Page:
Booking Through Thursday – Trends

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Today’s question from BTT is – Have your book-tastes changed over the years? More fiction? Less? Books that are darker and more serious? Lighter and more frivolous? Challenging? Easy? How-to books over novels? Mysteries over Romance?

I’ve always liked reading a wide range of books, so the quick answer to this question is “No”. 

However, my reading does go in phases. When I was a child I loved fairy stories – I still like those and ghost stories, but not horror – I don’t read horror. Later at secondary school history was one of my favourite subjects and when I came across Jean Plaidy I became hooked on historical  fiction. I read as many of her books as I could find in the library and any other historical fiction as well. Sadly, I never bought any of them or I sure I would have read them over and over by now.  I still like historical fiction; from then on it has been a staple of my reading diet. I also like detective stories and at the same time as the historical fiction binge I also devoured many Agatha Christie books. I went back to them last year along with other detective series. I also like and have always liked science fiction, writers, such as Asimov and Frank Herbert; and the classics and early twentieth century authors.

Whenever I find authors I like I try to read all their books.  I don’t limit my reading, (apart from horror) and although I do like romance and read some chick-lit I’ve never read any Mills and Boon. I read mainly fiction, but like to have some non-fiction on the go as well. In the past I’ve read a lot of religious, spiritual and philosophical books, and I still like to read something on these lines every now and then. I read and have always read lots of cookery books, travel books, biographies and autobiographies, letters and diaries, books on health, exercise and yoga, how-to books, books on diet, nature, wildlife, and mythology etc, etc. Recently I’ve become interested in the Second World War and am reading both factual accounts, diaries and novels.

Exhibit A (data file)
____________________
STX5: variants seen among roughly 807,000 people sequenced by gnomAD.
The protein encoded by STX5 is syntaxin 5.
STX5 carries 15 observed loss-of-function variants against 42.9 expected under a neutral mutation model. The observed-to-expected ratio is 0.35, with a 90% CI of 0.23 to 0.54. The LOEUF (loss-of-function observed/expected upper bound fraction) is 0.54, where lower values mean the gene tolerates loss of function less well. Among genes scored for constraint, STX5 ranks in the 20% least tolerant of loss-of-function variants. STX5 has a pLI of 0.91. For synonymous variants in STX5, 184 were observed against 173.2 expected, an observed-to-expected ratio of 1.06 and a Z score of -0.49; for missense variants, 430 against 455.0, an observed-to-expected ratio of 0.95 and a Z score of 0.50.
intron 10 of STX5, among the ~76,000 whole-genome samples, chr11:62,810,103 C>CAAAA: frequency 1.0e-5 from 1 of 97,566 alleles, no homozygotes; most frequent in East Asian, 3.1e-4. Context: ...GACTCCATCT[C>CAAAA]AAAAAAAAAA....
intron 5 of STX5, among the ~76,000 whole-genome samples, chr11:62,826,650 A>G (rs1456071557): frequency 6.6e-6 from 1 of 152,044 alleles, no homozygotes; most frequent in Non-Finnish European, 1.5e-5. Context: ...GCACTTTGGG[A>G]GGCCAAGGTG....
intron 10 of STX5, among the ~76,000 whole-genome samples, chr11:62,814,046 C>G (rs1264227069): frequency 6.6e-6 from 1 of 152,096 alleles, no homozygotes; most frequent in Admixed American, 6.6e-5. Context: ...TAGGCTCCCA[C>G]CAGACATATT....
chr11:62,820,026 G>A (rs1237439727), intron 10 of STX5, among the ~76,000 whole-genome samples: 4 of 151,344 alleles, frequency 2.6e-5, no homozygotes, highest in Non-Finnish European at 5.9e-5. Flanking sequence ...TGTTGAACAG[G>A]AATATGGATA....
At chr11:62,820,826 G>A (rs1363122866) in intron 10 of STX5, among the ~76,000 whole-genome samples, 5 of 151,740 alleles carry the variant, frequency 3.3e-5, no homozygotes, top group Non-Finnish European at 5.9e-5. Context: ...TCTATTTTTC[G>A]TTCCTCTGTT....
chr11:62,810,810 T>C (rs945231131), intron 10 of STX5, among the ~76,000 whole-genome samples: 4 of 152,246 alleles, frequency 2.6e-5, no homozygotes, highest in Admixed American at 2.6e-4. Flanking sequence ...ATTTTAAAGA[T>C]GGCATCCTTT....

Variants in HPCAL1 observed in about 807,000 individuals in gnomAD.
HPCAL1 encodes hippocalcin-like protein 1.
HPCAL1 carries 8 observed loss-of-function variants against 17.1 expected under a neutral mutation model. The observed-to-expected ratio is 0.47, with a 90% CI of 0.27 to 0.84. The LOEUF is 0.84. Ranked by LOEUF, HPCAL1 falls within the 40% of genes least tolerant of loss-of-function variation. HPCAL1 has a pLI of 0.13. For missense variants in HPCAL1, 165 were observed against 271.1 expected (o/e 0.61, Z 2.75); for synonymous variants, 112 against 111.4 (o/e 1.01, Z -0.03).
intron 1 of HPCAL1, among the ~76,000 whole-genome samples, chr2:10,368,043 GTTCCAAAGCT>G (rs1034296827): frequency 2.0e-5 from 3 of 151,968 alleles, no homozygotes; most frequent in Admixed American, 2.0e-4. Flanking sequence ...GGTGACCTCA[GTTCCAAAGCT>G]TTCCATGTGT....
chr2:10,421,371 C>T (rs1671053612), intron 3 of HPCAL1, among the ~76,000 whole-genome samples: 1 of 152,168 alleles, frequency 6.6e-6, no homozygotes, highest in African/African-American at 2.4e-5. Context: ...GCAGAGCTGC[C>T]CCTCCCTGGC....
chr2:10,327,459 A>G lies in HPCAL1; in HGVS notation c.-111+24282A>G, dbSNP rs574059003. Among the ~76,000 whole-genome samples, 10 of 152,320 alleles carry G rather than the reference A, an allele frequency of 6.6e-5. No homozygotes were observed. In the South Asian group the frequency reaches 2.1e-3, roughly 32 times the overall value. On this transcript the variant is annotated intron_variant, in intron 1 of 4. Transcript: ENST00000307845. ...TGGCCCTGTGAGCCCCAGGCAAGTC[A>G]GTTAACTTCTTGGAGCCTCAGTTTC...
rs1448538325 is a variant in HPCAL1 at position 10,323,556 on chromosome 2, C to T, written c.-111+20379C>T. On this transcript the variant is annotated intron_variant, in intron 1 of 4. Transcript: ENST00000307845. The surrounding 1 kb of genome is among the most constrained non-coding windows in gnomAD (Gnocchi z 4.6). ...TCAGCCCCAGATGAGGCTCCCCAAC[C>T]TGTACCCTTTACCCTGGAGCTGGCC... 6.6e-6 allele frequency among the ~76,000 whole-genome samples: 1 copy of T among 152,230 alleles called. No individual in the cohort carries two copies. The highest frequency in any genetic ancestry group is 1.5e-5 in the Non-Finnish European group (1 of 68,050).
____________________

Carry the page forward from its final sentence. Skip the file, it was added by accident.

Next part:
At one time I thought my reading diet had become stale – I seemed to be picking the same type of books  – and so I decided to take an Open University degree. This did broaden my reading and I started to read and enjoy more modern writers and writers I’d never heard of before.  Since blogging I’ve come across many, many new (to me) authors, which is one of the reasons I love reading other people’s reviews in their blogs.

I just love books and reading.

19 thoughts on “Booking Through Thursday – Trends

  1. Wow, you read a lot of books! I hardly read non-fictions (though I’m trying to change that from now), and I refer to cookbooks, travel books whenever I’m in need of them! 😉


  2. How interesting! I must do this tonight.
    I don’t read horror now (except Gothic stuff, which isn’t quite the same) but from the ages 9-11 I read Point Horror like an addiction. Would not be able to read them now… I think my imagination has intensified.


  3. Blogging has had a similar effect on me as your university course… It’s encouraged and broadened my reading. It’s been great to find this community of bookworms!


  4. Looking back, I’ve followed a bit of a pattern until hitting my 30s. I read a lot of fantasy and young adult adventures as a child and early teen, followed by teen romance and horror in adolesence, more fantasy and thrillers in my 20s and then I finally discovered the beauty of more literary writing in my 30s. These days (still in my 30s – just!) I read pretty much anything – except horror – based on reviews, recommendations, interesting blogs … and I too will read everything written by an author I like.